Okay, I am well aware I am behind the game, and I’ve never read the books, but I have seen all six Harry Potter movies. As a guy who’s started writing speculative fiction and has a Young Adult book planned, I felt a responsibility to be familiar with the most popular fantasy series released in the past decade. One disclaimer though: because I have yet to read any of the books, I cannot speak to the author’s work but I will talk about the filmmakers.
It should be noted that Chris Columbus is one of my favorite directors and writers. His films like “Home Alone” and “Mrs. Doubtfire” have entertained me over and over again. And although I have no idea what was cut from the book, the first two films really worked for me. They were tightly written and engaging, getting you into the story quickly and moving things along.
Alfonso Cuarón’s “Prisoner of Azkaban” was weaker but still engaging and entertaining. It was at the next film, “Goblet Of Fire,” where things started to go downhill. I don’t know if Mike Newell has issues with editing or if he just tried to do it himself, but “Goblet” was too long and took way too long to get going. It was at least 45 minutes into the movie before I got interested in what was going on, and that is way too long. The only reason I didn’t just skip it was a feeling I needed to watch each film to get the others after that. But I shut off the DVD this time with none of the satisfaction the earlier films had provided.
“Order Of The Phoenix” and “Half Blood Prince” also left me wishing they’d been done by Columbus instead of someone else. They just needed a steadier touch by a filmmaker like Columbus or even Cuarón who knows how to make mainstream blockbusters. The lack of such direction was obvious and, ultimately, unsatisfying. Which is too bad, because people are so passionate about the books and even the movies. They deserved better.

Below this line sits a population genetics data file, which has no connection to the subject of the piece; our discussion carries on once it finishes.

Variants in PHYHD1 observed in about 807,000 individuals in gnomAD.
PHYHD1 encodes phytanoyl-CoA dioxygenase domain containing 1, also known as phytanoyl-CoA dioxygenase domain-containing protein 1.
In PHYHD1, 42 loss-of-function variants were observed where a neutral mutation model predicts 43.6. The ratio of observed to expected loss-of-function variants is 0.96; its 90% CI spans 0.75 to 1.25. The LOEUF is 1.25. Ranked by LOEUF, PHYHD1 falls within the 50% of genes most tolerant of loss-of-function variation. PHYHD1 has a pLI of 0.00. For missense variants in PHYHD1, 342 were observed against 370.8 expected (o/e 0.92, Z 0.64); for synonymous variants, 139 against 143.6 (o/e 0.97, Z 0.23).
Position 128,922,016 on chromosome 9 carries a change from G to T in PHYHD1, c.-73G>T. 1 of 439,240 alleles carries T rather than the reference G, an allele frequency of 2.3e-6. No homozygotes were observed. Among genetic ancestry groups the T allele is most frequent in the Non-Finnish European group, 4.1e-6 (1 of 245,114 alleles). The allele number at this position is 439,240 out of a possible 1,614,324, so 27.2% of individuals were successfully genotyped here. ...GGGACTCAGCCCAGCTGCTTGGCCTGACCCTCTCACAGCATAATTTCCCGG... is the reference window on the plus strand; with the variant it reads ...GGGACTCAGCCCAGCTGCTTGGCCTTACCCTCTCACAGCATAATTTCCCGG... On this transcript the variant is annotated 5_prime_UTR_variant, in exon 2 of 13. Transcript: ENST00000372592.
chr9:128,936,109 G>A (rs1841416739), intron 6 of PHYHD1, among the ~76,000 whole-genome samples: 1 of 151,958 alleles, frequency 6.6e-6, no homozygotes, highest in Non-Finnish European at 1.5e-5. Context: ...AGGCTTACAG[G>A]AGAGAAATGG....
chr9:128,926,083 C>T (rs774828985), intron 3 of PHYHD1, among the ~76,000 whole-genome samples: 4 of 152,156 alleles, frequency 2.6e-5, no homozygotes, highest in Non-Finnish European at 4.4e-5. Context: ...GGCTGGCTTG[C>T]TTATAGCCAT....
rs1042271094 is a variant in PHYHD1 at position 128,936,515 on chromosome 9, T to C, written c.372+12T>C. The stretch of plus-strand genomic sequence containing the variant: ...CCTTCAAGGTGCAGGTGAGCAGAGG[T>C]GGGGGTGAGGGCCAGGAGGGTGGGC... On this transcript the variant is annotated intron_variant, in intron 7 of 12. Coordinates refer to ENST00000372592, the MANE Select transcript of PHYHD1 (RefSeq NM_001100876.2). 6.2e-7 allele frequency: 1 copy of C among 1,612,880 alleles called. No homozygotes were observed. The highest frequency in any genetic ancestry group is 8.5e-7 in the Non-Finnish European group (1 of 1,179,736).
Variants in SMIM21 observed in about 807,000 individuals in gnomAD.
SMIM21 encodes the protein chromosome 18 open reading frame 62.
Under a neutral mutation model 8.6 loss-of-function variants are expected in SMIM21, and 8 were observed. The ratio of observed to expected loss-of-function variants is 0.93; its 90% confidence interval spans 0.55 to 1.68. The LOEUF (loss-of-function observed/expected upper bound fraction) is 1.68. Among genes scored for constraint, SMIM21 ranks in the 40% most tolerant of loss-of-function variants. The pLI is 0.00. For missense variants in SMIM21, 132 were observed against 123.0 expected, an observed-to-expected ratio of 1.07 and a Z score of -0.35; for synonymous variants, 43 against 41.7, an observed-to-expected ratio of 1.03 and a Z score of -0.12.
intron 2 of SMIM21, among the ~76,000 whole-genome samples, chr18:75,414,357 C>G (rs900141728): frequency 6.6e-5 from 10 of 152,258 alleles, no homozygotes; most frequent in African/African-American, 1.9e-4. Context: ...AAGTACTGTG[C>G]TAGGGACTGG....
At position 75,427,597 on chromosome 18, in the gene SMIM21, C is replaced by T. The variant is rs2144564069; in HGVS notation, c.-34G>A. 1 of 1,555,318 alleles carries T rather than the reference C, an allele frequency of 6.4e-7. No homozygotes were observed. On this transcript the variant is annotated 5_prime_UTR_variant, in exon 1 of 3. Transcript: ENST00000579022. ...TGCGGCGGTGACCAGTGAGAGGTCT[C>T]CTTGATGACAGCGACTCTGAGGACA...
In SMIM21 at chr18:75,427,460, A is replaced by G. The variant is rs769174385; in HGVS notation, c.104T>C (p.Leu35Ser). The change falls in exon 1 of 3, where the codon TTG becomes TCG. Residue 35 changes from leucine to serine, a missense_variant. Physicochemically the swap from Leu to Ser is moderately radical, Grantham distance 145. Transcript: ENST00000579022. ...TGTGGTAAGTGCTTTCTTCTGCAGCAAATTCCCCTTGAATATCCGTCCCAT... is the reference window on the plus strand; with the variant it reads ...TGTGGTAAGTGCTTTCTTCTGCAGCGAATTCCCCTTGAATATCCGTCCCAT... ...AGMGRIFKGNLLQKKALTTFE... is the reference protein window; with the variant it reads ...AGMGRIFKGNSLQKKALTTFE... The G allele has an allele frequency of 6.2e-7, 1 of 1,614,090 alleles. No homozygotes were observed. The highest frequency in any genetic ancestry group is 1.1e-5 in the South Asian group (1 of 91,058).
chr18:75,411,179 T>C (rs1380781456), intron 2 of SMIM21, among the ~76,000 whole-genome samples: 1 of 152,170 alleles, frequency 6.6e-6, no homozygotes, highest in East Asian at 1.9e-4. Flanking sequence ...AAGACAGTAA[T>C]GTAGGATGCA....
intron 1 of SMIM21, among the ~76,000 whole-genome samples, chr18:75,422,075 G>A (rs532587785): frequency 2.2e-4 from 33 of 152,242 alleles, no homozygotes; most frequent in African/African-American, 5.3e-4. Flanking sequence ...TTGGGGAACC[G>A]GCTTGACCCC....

I will also say that length was an issue, particularly for later films. My friends who read the books tell me they cut a lot, but I don’t think they cut enough. Some of the beginning stuff was so long and dragged out that the real hook of the story takes forever to occur, and while that may work in novels, it is not good filmmaking. Surely even JK Rawlings must understand that they are different mediums, and, as a result, many things must be handled differently. Unfortunately, these films suffered from the same syndrome as many Hollywood releases these days, filmmakers unable to separate from their own babies and vision and make a film for audiences and not themselves. It is a wonder so many kids could sit through these. I truly wonder at what point their attention spans gave out. I know mine gave out a number of times, and I broke up most of the later films into sectional viewings as a result.
Those who love the films and books will likely disagree with me, and perhaps some filmmakers will as well, but as a person who went to film school and made television and films for a while, I can tell you my perspective is much more subjective than it was during that period. Audiences want hooky, entertaining films that move along, make them laugh, make them feel, and then end with a good satisfaction. For me, the Harry Potter films could have done this better.
I hope the books do when I read them. For what it’s worth…